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Opioid Pain Management

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Balancing the risks and benefits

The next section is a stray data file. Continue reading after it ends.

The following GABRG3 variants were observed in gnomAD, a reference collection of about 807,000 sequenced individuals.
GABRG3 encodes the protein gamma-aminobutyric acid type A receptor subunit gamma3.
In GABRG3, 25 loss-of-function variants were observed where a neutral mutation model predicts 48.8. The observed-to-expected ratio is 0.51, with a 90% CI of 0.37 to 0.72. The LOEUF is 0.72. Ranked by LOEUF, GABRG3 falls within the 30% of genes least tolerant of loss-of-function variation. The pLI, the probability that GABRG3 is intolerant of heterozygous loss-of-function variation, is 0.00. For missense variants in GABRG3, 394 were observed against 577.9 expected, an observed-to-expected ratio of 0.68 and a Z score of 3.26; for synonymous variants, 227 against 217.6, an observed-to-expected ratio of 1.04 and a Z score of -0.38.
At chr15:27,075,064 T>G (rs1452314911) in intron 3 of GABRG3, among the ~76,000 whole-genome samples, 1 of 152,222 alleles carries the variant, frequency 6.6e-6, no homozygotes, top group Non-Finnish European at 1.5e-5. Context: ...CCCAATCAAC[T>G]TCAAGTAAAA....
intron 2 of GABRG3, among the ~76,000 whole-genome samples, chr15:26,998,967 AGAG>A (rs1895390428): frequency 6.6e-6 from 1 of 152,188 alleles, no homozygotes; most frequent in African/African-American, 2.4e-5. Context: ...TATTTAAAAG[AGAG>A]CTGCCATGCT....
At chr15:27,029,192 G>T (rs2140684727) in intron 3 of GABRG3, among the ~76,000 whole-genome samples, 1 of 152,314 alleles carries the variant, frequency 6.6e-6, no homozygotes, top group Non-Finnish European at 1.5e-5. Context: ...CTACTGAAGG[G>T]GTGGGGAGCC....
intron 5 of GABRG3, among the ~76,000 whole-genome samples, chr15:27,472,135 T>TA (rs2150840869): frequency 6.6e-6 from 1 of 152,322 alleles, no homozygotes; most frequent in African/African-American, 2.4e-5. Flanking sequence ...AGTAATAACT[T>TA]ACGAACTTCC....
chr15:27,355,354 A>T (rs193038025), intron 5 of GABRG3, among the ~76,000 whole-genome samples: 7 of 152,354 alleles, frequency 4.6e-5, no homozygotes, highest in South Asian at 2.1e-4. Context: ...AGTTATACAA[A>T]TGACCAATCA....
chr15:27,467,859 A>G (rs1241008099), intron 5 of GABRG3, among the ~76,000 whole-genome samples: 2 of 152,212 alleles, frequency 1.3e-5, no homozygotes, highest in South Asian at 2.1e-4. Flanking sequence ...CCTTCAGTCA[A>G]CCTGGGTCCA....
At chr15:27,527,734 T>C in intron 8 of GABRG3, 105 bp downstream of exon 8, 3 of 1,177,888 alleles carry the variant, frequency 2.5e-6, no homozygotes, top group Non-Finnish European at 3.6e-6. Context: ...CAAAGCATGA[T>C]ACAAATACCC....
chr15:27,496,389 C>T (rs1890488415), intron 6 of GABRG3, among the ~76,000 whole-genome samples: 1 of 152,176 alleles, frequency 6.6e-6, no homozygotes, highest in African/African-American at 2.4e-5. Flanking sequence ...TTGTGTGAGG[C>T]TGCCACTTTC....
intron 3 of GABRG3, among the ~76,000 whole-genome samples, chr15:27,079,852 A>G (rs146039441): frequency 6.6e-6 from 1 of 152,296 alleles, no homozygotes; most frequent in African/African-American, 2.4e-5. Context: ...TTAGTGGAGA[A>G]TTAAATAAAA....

46   DRUG TOPICS   September 2011 Continuing Education  I n the United States today, pain is the single most com-mon reason for seeking medical care. An estimated 9% of American adults report moderate to severe noncancer pain — the focus of this article — and many of these patients report suboptimal pain management. 1  Thirty-five percent of Americans suffer from chronic pain and more than 50 mil-lion Americans are partly or totally disabled by chronic pain. In addition, 50 million workdays are lost per year, and the estimated annual cost in lost productivity, medical costs, and lost income is $560 billion to $635 billion. 2,3  Yet 40% to 50% of patients in routine practice settings fail to achieve adequate pain relief. 4  This establishes that much more needs to be done to educate healthcare professionals in the safe and proper use of the most effective class of pain medications, the opioids. It is hoped that this educational activity will contribute to the achievement of that goal.  Barriers to the use of opioid therapies Although opioids provide effective pain relief, there are several potential barriers to their use. These include poor communication between healthcare provider and patient, fear of disciplinary action or prosecution on the part of the provider, concern for potential abuse, inadequate training, patient factors (including fear of addiction and side effects), socioeconomic and psychological factors associated with tak-ing opioids on a chronic basis, lack of knowledge on the part of the patient, and possibly reimbursement issues, depending on the situation. At the same time, there are clear data to show that pa-tients are undertreated for pain. 5-7  Prescribers are often un-willing to treat pain sufficiently or aggressively, and in some cases they fail to take it seriously or they place it low on their AN ONGOING CE PROGRAM OF THE UNIVERSITY OF CONNECTICUT SCHOOL OF PHARMACY AND DRUG TOPICS Jeffrey Fudin, BS, PharmD, FCCP ADJUNCT ASSOCIATE PROFESSOR, PHARMACY PRACTICEALBANY COLLEGE OF PHARMACY AND HEALTH SCIENCESALBANY, N.Y. Opioid pain management: Balancing risks and benefits    G   E   T   T   Y   I   M   A   G   E   S   /   O   J   O   I   M   A   G   E   S   /   T   O   M    M   E   R   T   O   N Faculty : Jeffrey Fudin, BS, PharmD, FCCP . Dr. Fudin is a clinical pharmacy specialist at the Stratton Veterans Administration Medical Center in Albany, NY. He is also a Diplomate to the American Academy of Pain Management, founder and CEO of NovaPain Associates, and adjunct associate professor of Pharmacy Practice at Albany College of Pharmacy & Health Sciences. Faculty Disclosure : Dr Fudin has received fees for non-CME services from PriCara and Cumberland Pharmaceuticals Inc. Disclosure of Discussions of Off-Label and Investigational Uses of Drugs:  This activity may contain discussion of unlabeled/unap-proved use of drugs for pain management. The content and views presented in this educational program are those of the faculty and do not necessarily represent those of Drug Topics or University of Connecticut School of Pharmacy. Please refer to the official prescribing information for each product for discussion of approved indications, contraindications, and warnings.  Abstract   Pain has a high prevalence in medical practice, yet nearly half of all patients do not receive adequate treatment for pain. Al-though a wide variety of opioids provide effective pain relief, barriers to their use often result in undertreatment, especially  for chronic pain. Extended-release products are most useful in treating chronic pain, while rapid-release products are most useful in controlling acute and breakthrough pain. Opioids work as agonists and/or antagonists at endogenous delta, kappa, and mu opioid receptors and mostly belong to one of  four chemical categories: phenanthrenes, benzomorphans,  phenylpiperidines, or diphenylheptanes. Patients’ adverse re-actions to the members of one class are often a predictor of how they will react to other members of that class. Opioids such as methadone that block NMDA receptors may be particularly effective in treating neuropathic pain, but the long half-life and polymorphic differences associated with methadone re-quire careful dosing strategies as well as a specific method for calculating dosing equivalencies when patients transition to methadone from other opioids. Bone pain, connective tissue  pain, and neuropathic pain usually require adjuvant thera- pies with NSAIDs, anti-inflammatories, or anticonvulsants, although these medications may increase the risk of undesir-able side effects, especially in elderly patients. Risks of opioid therapy include gastrointestinal disorders, hyperalgesia, and addiction/abuse. New “abuse-deterrent” formulations have become available, and FDA’s new Risk Evaluation and Miti- gation Strategy (REMS) program is currently focused on edu-cating healthcare providers about the risks and appropriate use of extended-release and rapid-onset opioids.  September 2011   DRUG TOPICS   47   EDUCATIONAL OBJECTIVES EARN CE CREDIT FOR THIS ACTIVITY AT WWW.DRUGTOPICS.COM   CREDIT: 2.0 Goal:  To assist pharmacists and pharmacy technicians with pain management issues related to risks and ben-efits of opioid use in their practice settings. After participating in this activity, pharmacists should be able to: Describe the risks and benefits of opioid and nonopioid agents available for pain relief.   Describe the techniques for minimizing multiple dosing and overdosing, and calculate opioid equivalencies.   Respond appropriately to patients’ allergic reactions to opioids. Select the optimal opioid agent(s) for treatment of patients with specific comorbidities.After participating in this activity, pharmacy technicians should be able to: Describe the risks and benefits of opioid and nonopioid agents available for pain relief.   Identify the techniques for minimizing multiple dosing and overdosing.   Recognize appropriate responses to patients’ allergic reactions to opioids.  The University of Connecticut School of Pharmacy is ac-credited by the Accreditation Council for Pharmacy Edu-cation as a provider of continuing pharmacy education. Pharmacists are eligible to participate in both the knowledge-based and application-based activities, and will receive up to 0.2 CEUs (2 contact hours) for completing the activity/activities, passing the quiz/quizzes with a grade of 70% or better, and com-pleting an online evaluation. Statements of credit are available via the online system. Pharmacy technicians are eligible to participate in the knowl-edge-based activity and will receive 0.1 CEU (1 contact hour) for completing the activity, passing the quiz with a grade of 70% or better, and completing the online evaluation. Statements of credit are available via the online system.   ACPE # 0009-9999-11-024-H01-P/T  ACPE # 0009-9999-11-025-H01-P  To obtain immediate CPE credit, take the test online at . Just click on the link you find ( CPE Activi- ties: Free CPE ), which will take you to the CPE site. For first-time users, please complete the registration page. For those already registered, log in, find, and click on this lesson. Test results will be displayed immediately and you will receive a printable state-ment of credit by e-mail, showing your earned CPE credit. For questions concerning the online CPE activities,e-mail Initial release date: 9/1/2011Expiration date: 9/1/2013 Grant Funding:  Funding for this activity was provided by: Cephalon; Endo Pharmaceuticals, Inc.; Purdue Pharma L.P. Activity Fee:  There is no fee for these activities.  48   DRUG TOPICS   September 2011 Continuing Education OPIOID PAIN MANAGEMENT priority list of medical problems to address. Among prescribers there is lack of knowledge about pain, fear of tolerance and addiction to opioids, and fear of regulatory agencies. 8 Regulatory issues vary by state. Most states have “prescrip-tion monitoring programs” that track controlled substance pre-scriptions, while others, unfortunately, do not. But that is now changing. Figure 1  is a schematic of various states and their position with regard to prescription monitoring. 9 Acute vs. chronic pain Acute pain typically has a clearly identifiable cause. 10-11 We know what the issues are; most acute pain is readily treat-able; and the pain will subside within an expected period of time. Chronic pain, on the other hand, is defined as pain that has been present for 3 months or longer, and it does not necessarily have an identifiable pathology. 12  It often involves sleep deprivation as well as a host of other behavioral health issues, such as anxiety and depression. 13  Often, chronic pain cannot be measured as readily as acute pain. Sedation for acute pain may be desirable in situations where the patient is anxious about the pain; for example, when someone has an acute debilitating injury requiring sur-gery, sedation may be appropriate. Sedation is generally not desirable in the treatment of chronic pain. There may be some end-of-life situations, however, in which the patient may be so distressed that sedation would be an appropriate palliation. 14 As with any chronic disorder, patients with chronic pain need to be on a regular dosing schedule, and PRN should be used only for breakthrough pain. If a patient is receiving a PRN prescription every 30 days, the pharmacist should contact the prescriber and suggest that the patient be switched to an extended-release product, because it is no longer a PRN situ-ation. Meanwhile, the patient is being exposed to peaks and troughs, which could adversely affect both mood and toxicity. The Clinical Treatment Guidelines from the American Pain Society (APS) and the American Academy of Pain WAORCANVUT  AZ AK GU TX LANMCOWY IDMT NDSDNEKSOK  ARMOIAMNWIILINOHWY  VANCSCGA ALMSFLPANY ME VT NHMARICT NJDEMDDCMIKY HI Figure 1. Status of prescription drug monitoring programs (PDMPs) as of May 2011 Operational PDMPsEnacted PDMP legislation, but program not yet operationalLegislation pending  Research is current as of May 16, 2011Source: Ref 9   September 2011   DRUG TOPICS   49  CONTINUING EDUCATION Management (AAPM) for noncancer pain include defini-tions of “monitoring use” and “therapeutic goals.” 12 How opioids work 15 Agonists are those medications that have a binding affinity to the opiate receptors. Agonists cause analgesic activity and respiratory depression, decrease gastrointestinal (GI) activ-ity, and have a number of other effects, depending on their association with receptor type(s) and the binding affinities. Opioids work as agonists, antagonists, or mixed agonist/an-tagonists at various endogenous opioid receptors. The vari-ous opioid receptors include delta, kappa, and mu. Mu-1 plays the largest role in analgesia. 16 The antagonists have a higher affinity for those same opi-ate receptors, but they do not have analgesic activity. Using the metaphor of the lock and key, the opiate represents the key, the receptor represents the corresponding keyhole, and they are both magnetized. In this case, the antagonist key may be a stron-ger magnet, but it cannot turn the lock. Mu and kappa opioid receptors cause analgesia. 16  Mu-1 receptor ago-nists that have some degree of kappa activity are the most useful for anal-gesia. 16  Mu-1 receptor subtypes have  been isolated, indicating that genetic polymorphism is an important consid-eration in therapeutic response. 16  Mu-2 receptors, on the other hand, are most often associated with bothersome opioid side effects rather than analgesia. 16  Delta receptors have been studied, but thus far none has been approved for human use. 16   Choosing a specific opioid As shown in Figure 2  (page 50), there are four categories of opioids, plus a fifth category of “hybrids.” It is important to remember that if a patient cannot tolerate one member of a certain class, that patient is less likely to tolerate another medication from the same category. On the other hand, the patient may be able to tolerate an opioid that belongs to a different chemical class. 17 It is important to know, as Figure 2  makes clear, that certain medications in the phenanthrene class are missing a hydroxyl group, while others are not. The ones lacking the 6-hydroxyl group are marked with an asterisk ( Figure 2 ). In the author’s experience, these medications tend to be better tolerated than the phenanthrenes with that hydroxyl group. 18  For example, if a patient can tolerate hydrocodone but needs an extended-release product, then the patient will tolerate oxymorphone or oxycodone, because those two medications lack the 6-hydroxyl group just as does hydrocodone. The pa-tient who cannot tolerate codeine is very unlikely to tolerate morphine, because codeine is metabolized to morphine, and they are both hydroxylated. 18 If a patient is able to tolerate meperidine, then that patient also will be likely to tolerate fentanyl, because fentanyl and me-peridine are in the same chemical class. Figure 2  is organized so that the risk of cross-allergenicity decreases as one moves from left to right on the chart. Although true allergic reactions to opioids are relatively rare, a patient with a true allergy to oxy-codone also will be allergic to all the other medications in that class. 18  As will be discussed later, morphine is not a good medi-cation to use in a patient with compromised renal function. For patients who are not tolerant of the drowsiness associated with opioids, oxycodone might be a useful option, because it often causes wakefulness, agitation, and insomnia. 19  The benzomor-phans are generally not used for pain management, but they are used to decrease motility for patients with diarrhea. The next group of medications is the phenylpiperidines, which includes the fentanyl family as well as meperidine. Fentanyl and its chemical relatives (alfentanil, sufent-anil, and remifetanil) have the least his-tamine reactivity compared to all other opioids, and therefore are among the most well tolerated. 20 If transdermal fentanyl is most de-sirable and a patient regularly experi-ences breakthrough pain prior to the scheduled 72-hour-interval change, the manufacturer recommends either re-ducing the dosing interval to 48 hours or increasing the dosage while keeping the interval constant. 21  The author rec-ommends reducing the dosing interval as the preferred strategy, since a higher-dose patch will deliver more medication than the patient actually requires. 22  If a rash develops beneath the patch, consideration could be given to using triamcinolone in the form of aerosol spray on the area just before placement. Providers occasionally prescribe oral inhaled steroids, otherwise intended for administration with handheld devices, to prevent skin irritation, but this has not been studied and is not FDA approved for this purpose. Also, it is far more expensive and certain inhalers have built-in spacers that would preclude ex-ternal application applicability. Topical creams, ointments, or gels are not options because they would compromise patch adhesion. Finally, if patch adherence is a problem, an occlusive dressing may be placed over the fentanyl patch. Meperidine is one of the most toxic opioids, and it has a very high incidence of neurotoxicity (including escalated seizure risk) due to its desmethyl-meperidine (also known as nor-meperi-dine) metabolite. Caution should be exercised if meperidine is dispensed with other medications that reduce seizure threshold, such as theophylline, phenothiazines, SSRIs, and SNRIs. Both fentanyl and hydromorphone offer viable alternatives for paren-terally administered patient-controlled analgesia (PCA) in patients who are unable to tolerate morphine. 23 Most opioids may be used in the presence of hepatic dys-function if use is started at low doses and carefully escalated, as  There are four categories of opioids, plus a fifth category of “hybrids.” It is important to remember that if a patient cannot tolerate one member of a certain class, that patient is less likely to tolerate another medication from that category.